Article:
Thursday, September 17, 2015

Using Tinkerplay app for 3D printing action figures

In just 15 minutes (besides the fight I had with our laptops not having a .zip file extractor) I was able to create a 3D action figure using AutoCad's Tinkerplay app for the iPad. That's the easiest part.

Tinkerplay, from the makers of Tinkercad, comes with already made parts that anyone can select to build a customized action figure in minutes. Although the options are a bit limited, tinkerplay could be a jumping off point for kids interested in designing their own toys with connectable parts.

Once the app is opened,you are brought to a blank plane. The top right corner allows you to select each part. The outer line of the wheel are the available options, while the wheel before displays the location of the part (head, chest, feet, hands).
Once the grey part is selected merely drag it with your finger onto the plane.
A simple tap of your finger on the part will bring up deleting or moving options.

Once you have built your figure, press the bright green button on the bottom to turn it into parts that can be printed.
From here, you can downscale your print with the plus and minus buttons. By adding your printer to the blue gear on the left, it will estimate your total print time (incorrectly in our case) and show presets for downloading files. We have a library Dropbox account, so we allowed tinkerplay to work with our Dropbox and it deposited the file in .zip format. Press the green button again to download it. Once the .stl files were extracted from our desktop computer, we put them into Cura (our Ultimaker software) as two large print jobs for the first try. One print job with half of the pieces (including torso parts which were the most intricate) would take 10 hours to print with supports, longer than we're allowed to print since we'd have to leave it on overnight. I know there must be some advanced settings in Cura that I'm missing which might have shortened the time. Email me if so!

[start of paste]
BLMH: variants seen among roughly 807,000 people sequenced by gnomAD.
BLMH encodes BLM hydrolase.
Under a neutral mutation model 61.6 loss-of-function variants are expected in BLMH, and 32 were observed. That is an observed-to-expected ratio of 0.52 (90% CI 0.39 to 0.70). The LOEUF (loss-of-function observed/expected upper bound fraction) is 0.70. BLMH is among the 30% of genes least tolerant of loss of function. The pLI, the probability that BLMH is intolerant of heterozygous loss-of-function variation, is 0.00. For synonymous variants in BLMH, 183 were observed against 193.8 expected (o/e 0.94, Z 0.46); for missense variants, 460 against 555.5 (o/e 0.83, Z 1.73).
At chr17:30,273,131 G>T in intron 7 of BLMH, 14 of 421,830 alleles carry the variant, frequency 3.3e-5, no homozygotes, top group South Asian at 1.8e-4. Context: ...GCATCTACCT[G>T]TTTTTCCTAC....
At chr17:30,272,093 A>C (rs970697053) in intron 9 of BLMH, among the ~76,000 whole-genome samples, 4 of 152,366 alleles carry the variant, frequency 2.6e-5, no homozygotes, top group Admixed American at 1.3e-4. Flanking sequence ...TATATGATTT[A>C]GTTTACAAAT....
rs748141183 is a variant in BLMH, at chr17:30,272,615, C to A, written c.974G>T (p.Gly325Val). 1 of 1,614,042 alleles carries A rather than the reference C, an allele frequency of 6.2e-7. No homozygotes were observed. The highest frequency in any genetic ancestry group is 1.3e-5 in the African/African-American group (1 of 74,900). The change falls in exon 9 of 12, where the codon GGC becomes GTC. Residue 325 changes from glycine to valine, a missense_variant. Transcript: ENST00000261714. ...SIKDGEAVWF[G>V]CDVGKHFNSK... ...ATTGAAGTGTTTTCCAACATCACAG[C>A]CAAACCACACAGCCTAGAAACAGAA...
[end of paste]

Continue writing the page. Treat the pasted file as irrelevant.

So we broke up the jobs, it took over 10 hours to print the 15 separate pieces for an overall height of 6.5 inches (160 mm). I also tried doing much smaller parts shown in red (.75 in /20mm tall for each legs) as opposed to 1.5 in/40 mm tall and without supports the job didn't finish properly for a total of 3 hours for half of the robot to complete. The parts were really hard to put together due to size and I began to break pieces trying to attach them.

If you had a class of 4 or 5 kids using Tinkerplay instead of previously mentioned Tinkercad, they could easily be finished in 10-15 minutes, with limited design learning, and you are spending 40 hours printing parts. So in a class setting, I wouldn't recommend using Tinkerplay although the end product is pretty neat I have to admit. Perhaps it would be more efficient to print out a multitude of torsos, legs, and arms beforehand and have the kids design the heads in tinkercad? Or maybe only print 2 arms and leg pieces instead of 4?  Our next project is trying to use the X-Box Kinect to scan our heads and we'd have mini mes! 

head 52 minutes
torso (2 parts) 4 hrs 10 minutes
small arms (4) 21 minutes each
legs (4) 38 minutes each
hands (2) 23 minutes each
feet (2) 30 minutes

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